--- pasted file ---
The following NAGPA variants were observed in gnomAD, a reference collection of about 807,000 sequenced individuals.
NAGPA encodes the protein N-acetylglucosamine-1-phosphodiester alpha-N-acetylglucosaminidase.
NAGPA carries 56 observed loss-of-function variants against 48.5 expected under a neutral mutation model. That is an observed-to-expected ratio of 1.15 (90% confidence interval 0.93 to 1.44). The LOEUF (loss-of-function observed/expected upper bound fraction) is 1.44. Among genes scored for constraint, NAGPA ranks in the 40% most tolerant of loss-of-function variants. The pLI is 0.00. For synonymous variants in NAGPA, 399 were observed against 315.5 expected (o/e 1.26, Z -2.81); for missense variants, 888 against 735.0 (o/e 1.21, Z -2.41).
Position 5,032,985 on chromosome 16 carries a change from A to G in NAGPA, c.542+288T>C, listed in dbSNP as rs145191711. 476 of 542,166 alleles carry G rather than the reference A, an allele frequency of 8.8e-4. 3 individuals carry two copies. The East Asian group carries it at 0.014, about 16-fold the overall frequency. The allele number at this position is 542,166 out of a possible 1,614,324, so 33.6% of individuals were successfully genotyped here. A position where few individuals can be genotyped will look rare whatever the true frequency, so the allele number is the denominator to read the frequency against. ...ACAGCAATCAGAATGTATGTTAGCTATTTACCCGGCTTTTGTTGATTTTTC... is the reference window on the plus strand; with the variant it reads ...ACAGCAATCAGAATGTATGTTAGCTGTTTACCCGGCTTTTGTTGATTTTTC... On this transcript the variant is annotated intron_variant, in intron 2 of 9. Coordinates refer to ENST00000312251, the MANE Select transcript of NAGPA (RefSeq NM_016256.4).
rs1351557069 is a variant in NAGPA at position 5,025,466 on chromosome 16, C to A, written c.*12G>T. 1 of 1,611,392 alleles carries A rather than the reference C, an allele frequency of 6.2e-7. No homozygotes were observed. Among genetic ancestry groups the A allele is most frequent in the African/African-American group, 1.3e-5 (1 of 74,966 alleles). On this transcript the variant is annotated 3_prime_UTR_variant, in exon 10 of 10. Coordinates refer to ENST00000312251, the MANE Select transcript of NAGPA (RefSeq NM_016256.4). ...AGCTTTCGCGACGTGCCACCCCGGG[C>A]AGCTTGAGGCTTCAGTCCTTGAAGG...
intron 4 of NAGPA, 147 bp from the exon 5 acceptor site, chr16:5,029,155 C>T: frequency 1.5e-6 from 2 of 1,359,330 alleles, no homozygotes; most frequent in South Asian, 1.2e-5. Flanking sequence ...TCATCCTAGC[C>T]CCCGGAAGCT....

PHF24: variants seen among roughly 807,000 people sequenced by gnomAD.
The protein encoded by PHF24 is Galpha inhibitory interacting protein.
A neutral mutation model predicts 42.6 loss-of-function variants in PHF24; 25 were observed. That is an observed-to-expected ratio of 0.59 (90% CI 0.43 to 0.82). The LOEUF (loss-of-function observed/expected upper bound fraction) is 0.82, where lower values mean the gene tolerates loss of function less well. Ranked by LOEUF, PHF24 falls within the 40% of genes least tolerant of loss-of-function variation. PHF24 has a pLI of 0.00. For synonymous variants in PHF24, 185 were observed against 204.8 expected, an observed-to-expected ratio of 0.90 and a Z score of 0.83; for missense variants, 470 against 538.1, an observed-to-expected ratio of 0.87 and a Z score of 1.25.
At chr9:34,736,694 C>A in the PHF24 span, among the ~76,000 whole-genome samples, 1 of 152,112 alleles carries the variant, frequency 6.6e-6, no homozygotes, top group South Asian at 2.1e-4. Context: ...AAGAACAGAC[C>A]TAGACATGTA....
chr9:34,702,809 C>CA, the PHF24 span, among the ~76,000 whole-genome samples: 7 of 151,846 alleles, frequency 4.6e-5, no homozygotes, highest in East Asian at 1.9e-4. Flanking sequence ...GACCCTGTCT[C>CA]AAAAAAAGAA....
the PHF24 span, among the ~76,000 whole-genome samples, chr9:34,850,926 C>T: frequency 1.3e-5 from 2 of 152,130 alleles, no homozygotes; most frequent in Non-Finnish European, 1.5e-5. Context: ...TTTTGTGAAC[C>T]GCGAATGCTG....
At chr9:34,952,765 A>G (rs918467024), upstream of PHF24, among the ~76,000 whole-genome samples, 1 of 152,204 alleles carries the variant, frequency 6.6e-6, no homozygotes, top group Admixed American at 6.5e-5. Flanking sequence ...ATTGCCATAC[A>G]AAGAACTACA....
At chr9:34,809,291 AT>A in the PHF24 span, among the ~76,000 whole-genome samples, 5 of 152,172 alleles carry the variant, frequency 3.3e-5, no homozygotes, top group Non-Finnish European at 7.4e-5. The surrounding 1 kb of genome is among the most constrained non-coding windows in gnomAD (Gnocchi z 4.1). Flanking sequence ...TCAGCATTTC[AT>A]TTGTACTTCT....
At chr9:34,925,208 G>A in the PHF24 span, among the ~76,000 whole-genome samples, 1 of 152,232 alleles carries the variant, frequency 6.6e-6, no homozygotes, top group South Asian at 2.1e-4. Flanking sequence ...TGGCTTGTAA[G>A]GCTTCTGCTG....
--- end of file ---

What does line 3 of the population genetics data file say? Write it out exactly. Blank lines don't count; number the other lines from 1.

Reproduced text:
NAGPA carries 56 observed loss-of-function variants against 48.5 expected under a neutral mutation model. That is an observed-to-expected ratio of 1.15 (90% confidence interval 0.93 to 1.44). The LOEUF (loss-of-function observed/expected upper bound fraction) is 1.44. Among genes scored for constraint, NAGPA ranks in the 40% most tolerant of loss-of-function variants. The pLI is 0.00. For synonymous variants in NAGPA, 399 were observed against 315.5 expected (o/e 1.26, Z -2.81); for missense variants, 888 against 735.0 (o/e 1.21, Z -2.41).